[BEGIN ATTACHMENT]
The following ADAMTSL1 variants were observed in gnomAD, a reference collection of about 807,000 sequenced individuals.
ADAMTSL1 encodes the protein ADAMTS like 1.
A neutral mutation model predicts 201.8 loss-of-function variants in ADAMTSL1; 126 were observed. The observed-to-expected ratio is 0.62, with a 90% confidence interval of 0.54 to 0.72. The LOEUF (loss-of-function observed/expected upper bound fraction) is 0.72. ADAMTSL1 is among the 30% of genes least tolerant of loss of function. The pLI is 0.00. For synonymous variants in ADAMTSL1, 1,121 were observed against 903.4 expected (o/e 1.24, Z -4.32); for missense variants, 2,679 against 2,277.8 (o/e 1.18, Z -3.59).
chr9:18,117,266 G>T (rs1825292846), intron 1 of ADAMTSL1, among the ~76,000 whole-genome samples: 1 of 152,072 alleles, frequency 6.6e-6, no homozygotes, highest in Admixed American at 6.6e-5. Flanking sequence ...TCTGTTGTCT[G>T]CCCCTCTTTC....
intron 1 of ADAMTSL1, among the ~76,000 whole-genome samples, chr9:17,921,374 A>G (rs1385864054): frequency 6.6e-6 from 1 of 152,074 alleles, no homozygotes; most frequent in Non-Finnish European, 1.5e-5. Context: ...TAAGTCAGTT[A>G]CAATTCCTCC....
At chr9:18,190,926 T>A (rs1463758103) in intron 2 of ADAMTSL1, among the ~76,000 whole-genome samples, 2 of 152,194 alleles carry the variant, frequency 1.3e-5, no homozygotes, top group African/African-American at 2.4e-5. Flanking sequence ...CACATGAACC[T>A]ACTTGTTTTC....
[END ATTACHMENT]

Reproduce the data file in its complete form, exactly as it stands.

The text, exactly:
The following ADAMTSL1 variants were observed in gnomAD, a reference collection of about 807,000 sequenced individuals.
ADAMTSL1 encodes the protein ADAMTS like 1.
A neutral mutation model predicts 201.8 loss-of-function variants in ADAMTSL1; 126 were observed. The observed-to-expected ratio is 0.62, with a 90% confidence interval of 0.54 to 0.72. The LOEUF (loss-of-function observed/expected upper bound fraction) is 0.72. ADAMTSL1 is among the 30% of genes least tolerant of loss of function. The pLI is 0.00. For synonymous variants in ADAMTSL1, 1,121 were observed against 903.4 expected (o/e 1.24, Z -4.32); for missense variants, 2,679 against 2,277.8 (o/e 1.18, Z -3.59).
chr9:18,117,266 G>T (rs1825292846), intron 1 of ADAMTSL1, among the ~76,000 whole-genome samples: 1 of 152,072 alleles, frequency 6.6e-6, no homozygotes, highest in Admixed American at 6.6e-5. Flanking sequence ...TCTGTTGTCT[G>T]CCCCTCTTTC....
intron 1 of ADAMTSL1, among the ~76,000 whole-genome samples, chr9:17,921,374 A>G (rs1385864054): frequency 6.6e-6 from 1 of 152,074 alleles, no homozygotes; most frequent in Non-Finnish European, 1.5e-5. Context: ...TAAGTCAGTT[A>G]CAATTCCTCC....
At chr9:18,190,926 T>A (rs1463758103) in intron 2 of ADAMTSL1, among the ~76,000 whole-genome samples, 2 of 152,194 alleles carry the variant, frequency 1.3e-5, no homozygotes, top group African/African-American at 2.4e-5. Flanking sequence ...CACATGAACC[T>A]ACTTGTTTTC....